Running 30s test @ http://localhost:7001
  4 threads and 128 connections
  Thread Stats   Avg      Stdev     Max   +/- Stdev
    Latency    55.14ms  130.69ms   1.61s    13.96%
    Req/Sec     2.92k     1.24k    5.17k    64.86%
  Latency Distribution
     50%    0.00us
     75%    0.00us
     90%    0.00us
     99%    0.00us
  331488 requests in 30.03s, 77.45MB read
Requests/sec:  11039.99
Transfer/sec:      2.58MB

Enable OAuth2 Security

So far, we’ve started four servers and tested them successfully; however, these servers are not protected by OAuth2 JWT tokens as it is turned off by default in the generated code.

Before we turn on the security, we need to have light-oauth2 server up and running so that these servers can get JWT token in real time.

The easiest way to run light-oauth2 server is through docker compose.

Go to your working directory and go to the light-docker folder cloned in the prepare stage. Our OAuth2 services support Mysql, Postgresql and Oracle. Let’s ues Mysql this time.

cd light-docker
docker-compose -f docker-compose-oauth2-mysql.yml up

Now let’s enable the jwt token verification and scope verification for all APIs except API A. For API A we want to enableVerifyJwt to true but enableVerifyScope to false so that we can use a long lived token to test from curl without getting a new token each time.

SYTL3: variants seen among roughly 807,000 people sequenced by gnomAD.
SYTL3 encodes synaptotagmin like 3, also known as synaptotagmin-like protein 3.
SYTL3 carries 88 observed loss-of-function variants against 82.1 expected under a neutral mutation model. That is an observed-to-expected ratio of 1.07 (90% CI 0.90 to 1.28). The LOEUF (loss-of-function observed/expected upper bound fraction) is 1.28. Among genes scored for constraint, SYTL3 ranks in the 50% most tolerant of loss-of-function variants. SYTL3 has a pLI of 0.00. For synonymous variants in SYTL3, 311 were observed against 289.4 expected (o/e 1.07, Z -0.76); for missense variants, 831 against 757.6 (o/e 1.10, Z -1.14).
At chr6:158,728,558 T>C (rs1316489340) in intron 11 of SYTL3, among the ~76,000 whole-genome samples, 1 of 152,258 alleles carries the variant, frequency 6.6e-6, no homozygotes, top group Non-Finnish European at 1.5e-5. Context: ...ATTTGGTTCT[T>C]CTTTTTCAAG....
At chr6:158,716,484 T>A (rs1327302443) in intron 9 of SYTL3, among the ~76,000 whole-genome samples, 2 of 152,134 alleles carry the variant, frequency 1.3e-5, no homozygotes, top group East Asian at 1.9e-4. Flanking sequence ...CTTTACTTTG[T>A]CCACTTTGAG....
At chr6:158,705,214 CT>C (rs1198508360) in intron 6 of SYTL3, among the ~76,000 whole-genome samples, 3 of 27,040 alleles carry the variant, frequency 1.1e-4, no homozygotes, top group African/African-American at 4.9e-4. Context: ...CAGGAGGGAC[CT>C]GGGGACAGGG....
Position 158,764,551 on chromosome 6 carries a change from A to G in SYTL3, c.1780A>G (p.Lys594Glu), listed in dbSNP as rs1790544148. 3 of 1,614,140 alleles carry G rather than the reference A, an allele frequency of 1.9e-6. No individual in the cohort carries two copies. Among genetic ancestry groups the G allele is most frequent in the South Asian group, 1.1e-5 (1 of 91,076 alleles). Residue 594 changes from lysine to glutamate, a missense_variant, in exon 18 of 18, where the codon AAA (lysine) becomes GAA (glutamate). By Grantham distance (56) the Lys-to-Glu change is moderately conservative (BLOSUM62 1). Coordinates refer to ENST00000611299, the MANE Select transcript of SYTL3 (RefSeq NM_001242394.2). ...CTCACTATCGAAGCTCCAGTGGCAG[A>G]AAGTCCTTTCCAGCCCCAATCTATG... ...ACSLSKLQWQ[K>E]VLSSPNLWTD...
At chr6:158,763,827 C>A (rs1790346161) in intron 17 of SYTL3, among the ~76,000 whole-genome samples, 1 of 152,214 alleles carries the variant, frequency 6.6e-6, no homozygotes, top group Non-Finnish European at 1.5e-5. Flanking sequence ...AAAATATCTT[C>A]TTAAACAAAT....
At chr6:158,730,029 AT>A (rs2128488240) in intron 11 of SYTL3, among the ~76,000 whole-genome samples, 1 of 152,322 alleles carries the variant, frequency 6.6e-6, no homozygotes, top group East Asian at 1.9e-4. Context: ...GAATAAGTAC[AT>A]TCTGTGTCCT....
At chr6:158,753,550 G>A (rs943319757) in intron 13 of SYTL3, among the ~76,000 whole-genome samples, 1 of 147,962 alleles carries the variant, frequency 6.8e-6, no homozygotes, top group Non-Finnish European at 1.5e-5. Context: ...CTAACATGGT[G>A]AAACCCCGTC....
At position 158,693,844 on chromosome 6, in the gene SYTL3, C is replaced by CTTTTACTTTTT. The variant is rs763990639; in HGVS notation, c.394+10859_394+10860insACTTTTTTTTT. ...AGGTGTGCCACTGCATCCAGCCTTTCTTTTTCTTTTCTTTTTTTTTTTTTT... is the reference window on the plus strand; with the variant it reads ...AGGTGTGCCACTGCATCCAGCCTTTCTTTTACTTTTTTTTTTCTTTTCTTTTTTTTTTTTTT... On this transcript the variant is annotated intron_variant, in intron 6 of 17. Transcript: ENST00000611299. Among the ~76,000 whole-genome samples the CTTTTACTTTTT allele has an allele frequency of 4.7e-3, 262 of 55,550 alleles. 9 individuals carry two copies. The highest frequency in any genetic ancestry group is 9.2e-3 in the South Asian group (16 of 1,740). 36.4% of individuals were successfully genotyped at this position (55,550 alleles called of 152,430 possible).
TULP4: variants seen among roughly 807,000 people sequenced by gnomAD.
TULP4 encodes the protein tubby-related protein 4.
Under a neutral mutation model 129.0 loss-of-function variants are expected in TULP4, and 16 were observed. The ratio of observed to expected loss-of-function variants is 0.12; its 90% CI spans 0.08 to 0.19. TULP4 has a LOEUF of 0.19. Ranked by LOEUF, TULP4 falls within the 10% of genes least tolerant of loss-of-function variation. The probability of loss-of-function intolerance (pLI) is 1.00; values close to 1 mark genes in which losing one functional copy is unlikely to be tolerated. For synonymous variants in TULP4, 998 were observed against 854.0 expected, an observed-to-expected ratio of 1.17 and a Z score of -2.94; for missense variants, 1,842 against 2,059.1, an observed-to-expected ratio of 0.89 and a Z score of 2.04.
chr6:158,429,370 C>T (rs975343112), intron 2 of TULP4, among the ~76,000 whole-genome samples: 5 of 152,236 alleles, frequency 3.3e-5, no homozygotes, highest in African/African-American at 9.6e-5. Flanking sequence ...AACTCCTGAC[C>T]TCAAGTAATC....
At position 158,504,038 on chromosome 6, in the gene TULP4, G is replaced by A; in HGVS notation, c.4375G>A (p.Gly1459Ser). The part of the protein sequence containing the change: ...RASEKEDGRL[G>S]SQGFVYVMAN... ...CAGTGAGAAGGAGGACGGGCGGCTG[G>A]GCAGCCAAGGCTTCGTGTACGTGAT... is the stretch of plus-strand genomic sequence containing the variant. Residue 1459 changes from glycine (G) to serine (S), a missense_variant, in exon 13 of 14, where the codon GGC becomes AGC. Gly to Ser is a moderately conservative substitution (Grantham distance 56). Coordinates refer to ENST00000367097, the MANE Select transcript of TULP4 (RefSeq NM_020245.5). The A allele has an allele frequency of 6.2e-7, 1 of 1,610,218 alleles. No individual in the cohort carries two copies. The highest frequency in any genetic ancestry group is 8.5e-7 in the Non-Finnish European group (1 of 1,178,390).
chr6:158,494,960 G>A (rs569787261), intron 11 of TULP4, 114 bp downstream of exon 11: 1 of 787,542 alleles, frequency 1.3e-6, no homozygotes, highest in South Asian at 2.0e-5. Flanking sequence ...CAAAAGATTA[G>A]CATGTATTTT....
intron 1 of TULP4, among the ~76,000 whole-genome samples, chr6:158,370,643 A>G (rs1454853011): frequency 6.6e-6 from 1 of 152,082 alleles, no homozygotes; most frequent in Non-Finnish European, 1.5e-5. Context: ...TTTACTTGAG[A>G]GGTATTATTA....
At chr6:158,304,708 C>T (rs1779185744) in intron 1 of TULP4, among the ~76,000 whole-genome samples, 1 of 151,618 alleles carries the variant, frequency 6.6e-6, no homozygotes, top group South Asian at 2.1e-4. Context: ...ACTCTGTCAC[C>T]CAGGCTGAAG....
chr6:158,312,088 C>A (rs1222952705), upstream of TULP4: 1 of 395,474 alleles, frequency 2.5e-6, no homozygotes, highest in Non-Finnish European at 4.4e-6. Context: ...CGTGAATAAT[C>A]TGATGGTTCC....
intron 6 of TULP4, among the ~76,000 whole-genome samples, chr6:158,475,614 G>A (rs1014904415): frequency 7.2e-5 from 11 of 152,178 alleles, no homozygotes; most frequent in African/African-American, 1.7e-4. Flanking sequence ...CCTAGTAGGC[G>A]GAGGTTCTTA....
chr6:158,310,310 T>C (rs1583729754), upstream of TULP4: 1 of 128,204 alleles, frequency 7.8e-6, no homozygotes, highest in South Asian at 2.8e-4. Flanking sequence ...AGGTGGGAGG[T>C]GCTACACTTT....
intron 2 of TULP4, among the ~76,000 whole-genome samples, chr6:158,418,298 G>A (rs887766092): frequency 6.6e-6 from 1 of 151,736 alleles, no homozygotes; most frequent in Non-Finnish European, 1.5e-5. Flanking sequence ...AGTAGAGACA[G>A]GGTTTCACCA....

Open src/main/resources/config/security.yml in api_b/api_c/api_d folder and update enableVerifyJwt and enableVerifyScope to true. The following is what looks like for API A B, C and D.

# Security configuration in light framework.
---
# Enable JWT verification flag.
enableVerifyJwt: true

# Enable JWT scope verification. Only valid when enableVerifyJwt is true.
enableVerifyScope: true

# User for test only. should be always be false on official environment.
enableMockJwt: false

# JWT signature public certificates. kid and certificate path mappings.
jwt:
  certificate:
    '100': oauth/primary.crt
    '101': oauth/secondary.crt
  clockSkewInSeconds: 60

# Enable or disable JWT token logging
logJwtToken: true

# Enable or disable client_id, user_id and scope logging.
logClientUserScope: false

Now make sure that client.yml in both API A and API B are configured correctly to get the right token from light-oauth2 server with the correct scopes. The generated code doesn’t have client.yml so you need to create these files in src/main/resources/config folder in order to overwrite the default client.yml from Client module.

The client_id and client_secret need to be set up on OAuth2 server and configured in clients.yml

Since only API A and API B are going to call other services, here we are going to register them to OAuth2 client service to get client_id and client_secret.

Register clients

Before we start integrate with OAuth2 services, we need to register clients for api_a, api_b, api_c and api_d. This step should be done from light-portal for official environment. After client registration, we need to remember the client_id and client_secret for each in order to update client.yml for each service.

For more details on how to use the command line tool or script to access oauth2 services, please see this tutorial

Normally, we need to register a client to call api_a but due to live JWT token expires very fast, we are going to use a special long lived JWT token to call api_a.

Register a client for api_a to call api_b and api_c

curl -H "Content-Type: application/json" -X POST -d '{"clientType":"public","clientProfile":"mobile","clientName":"api_a","clientDesc":"API A service","scope":"api_b.w api_c.w","redirectUri": "http://localhost:8080/authorization","ownerId":"admin"}' http://localhost:6884/oauth2/client

The return value is